Astro Seminar Series - VIA ZOOM

Wednesday, March 30, 2022 11:30 am - 11:30 am EDT (GMT -04:00)

Nicole Nesvadba, directrice de recherche at the CNRS, is an expert in galaxy evolution based at the Laboratoire Lagrange at the Observatoire de la 

Côte d’Azur in Nice, France. Her main research interest are the rapid, vigorous, and transformative phases of galaxy evolution where large amounts of energy are rapidly being injected into the interstellar gas of galaxies, like starburst or sites of strong AGN feedback. She observes galaxies undergoing these phases at a large number of wavebands, ranging from the optical, infrared, to the millimeter and centimeter radio.

Talk Title and Abstract

How do AGN suppress star formation in galaxies?

How do supermassive black holes suppress star formation in their host galaxies? This question is at the heart of the AGN feedback hypothesis, and is still unanswered after two decades of intense observational and theoretical work. Most studies focus on gas removal in the host galaxies of very powerful AGN as a main feedback mode, however, observations clearly show that outflows alone are insufficient to understand AGN feedback. Meanwhile, alternative scenarios do exist which even challenge the basic assumption of a physical connection between the AGN energy output and low star formation rates in galaxies. As a consequence, in spite of the current popularity of the AGN feedback hypothesis, its central prediction -- the direct physical link between the energy injection by the AGN and star formation -- remains a subject of considerable controversy.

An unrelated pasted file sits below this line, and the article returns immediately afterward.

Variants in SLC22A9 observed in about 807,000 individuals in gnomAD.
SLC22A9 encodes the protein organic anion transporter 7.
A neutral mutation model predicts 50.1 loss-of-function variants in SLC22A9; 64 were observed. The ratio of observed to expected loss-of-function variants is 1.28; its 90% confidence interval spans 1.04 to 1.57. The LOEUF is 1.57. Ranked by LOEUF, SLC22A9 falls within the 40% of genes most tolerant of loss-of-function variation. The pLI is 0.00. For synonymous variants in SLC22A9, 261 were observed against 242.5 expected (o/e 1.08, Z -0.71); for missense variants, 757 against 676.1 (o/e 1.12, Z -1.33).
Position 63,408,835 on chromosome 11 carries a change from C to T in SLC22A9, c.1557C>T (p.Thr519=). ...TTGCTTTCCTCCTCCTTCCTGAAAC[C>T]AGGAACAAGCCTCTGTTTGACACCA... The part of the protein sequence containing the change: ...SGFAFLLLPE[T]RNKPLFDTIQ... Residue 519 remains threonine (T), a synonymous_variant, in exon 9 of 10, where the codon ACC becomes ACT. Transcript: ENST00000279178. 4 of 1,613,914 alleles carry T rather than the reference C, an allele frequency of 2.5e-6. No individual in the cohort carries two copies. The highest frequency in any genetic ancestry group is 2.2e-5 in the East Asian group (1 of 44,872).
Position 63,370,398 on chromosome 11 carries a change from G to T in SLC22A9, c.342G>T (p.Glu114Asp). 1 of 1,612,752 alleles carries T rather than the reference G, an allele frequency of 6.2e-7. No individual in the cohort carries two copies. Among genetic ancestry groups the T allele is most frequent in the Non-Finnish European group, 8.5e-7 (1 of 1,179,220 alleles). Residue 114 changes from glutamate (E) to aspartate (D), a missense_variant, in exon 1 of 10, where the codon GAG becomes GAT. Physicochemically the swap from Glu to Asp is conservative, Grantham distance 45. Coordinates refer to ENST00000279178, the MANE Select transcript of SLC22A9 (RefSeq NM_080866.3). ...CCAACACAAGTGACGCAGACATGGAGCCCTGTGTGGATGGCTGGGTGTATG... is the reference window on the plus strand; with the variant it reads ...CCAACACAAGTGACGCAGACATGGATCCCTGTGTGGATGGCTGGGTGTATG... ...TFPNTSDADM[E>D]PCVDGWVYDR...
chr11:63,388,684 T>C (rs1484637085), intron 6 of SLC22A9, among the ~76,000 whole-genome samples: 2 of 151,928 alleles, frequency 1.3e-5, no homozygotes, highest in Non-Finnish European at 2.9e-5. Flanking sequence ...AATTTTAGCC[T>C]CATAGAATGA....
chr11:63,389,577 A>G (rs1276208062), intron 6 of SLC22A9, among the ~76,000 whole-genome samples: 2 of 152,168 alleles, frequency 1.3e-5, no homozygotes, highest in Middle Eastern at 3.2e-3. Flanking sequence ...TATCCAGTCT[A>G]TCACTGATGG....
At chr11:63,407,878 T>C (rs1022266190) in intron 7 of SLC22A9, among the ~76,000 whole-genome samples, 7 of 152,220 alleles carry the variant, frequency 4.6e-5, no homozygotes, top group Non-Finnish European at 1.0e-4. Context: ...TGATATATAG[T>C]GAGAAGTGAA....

In this talk, I will discuss the observational and theoretical evidence that AGN do impact star formation in their host galaxies, within a scenario that includes outflows as well as turbulence induced by the deposition of AGN energy in the surrounding gas. I will focus on radio AGN activity -- often considered a rare phenomenon, but actually ubiquitous in the cores of massive galaxies with Mstellar >= 10**11 Msun -- which provides us with a particularly clean environment to investigate the distribution of AGN kinetic energy in the surrounding multiphase gas, and its impact on star formation. I will also illustrate how detailed observations of the gas and stellar content in massive galaxies combined with hydrodynamic simulations can pave the way towards a physical understanding of the energy transfer that is at the core of the AGN feedback hypothesis.

Would you like to join this Zoom seminar?  Please email WCA.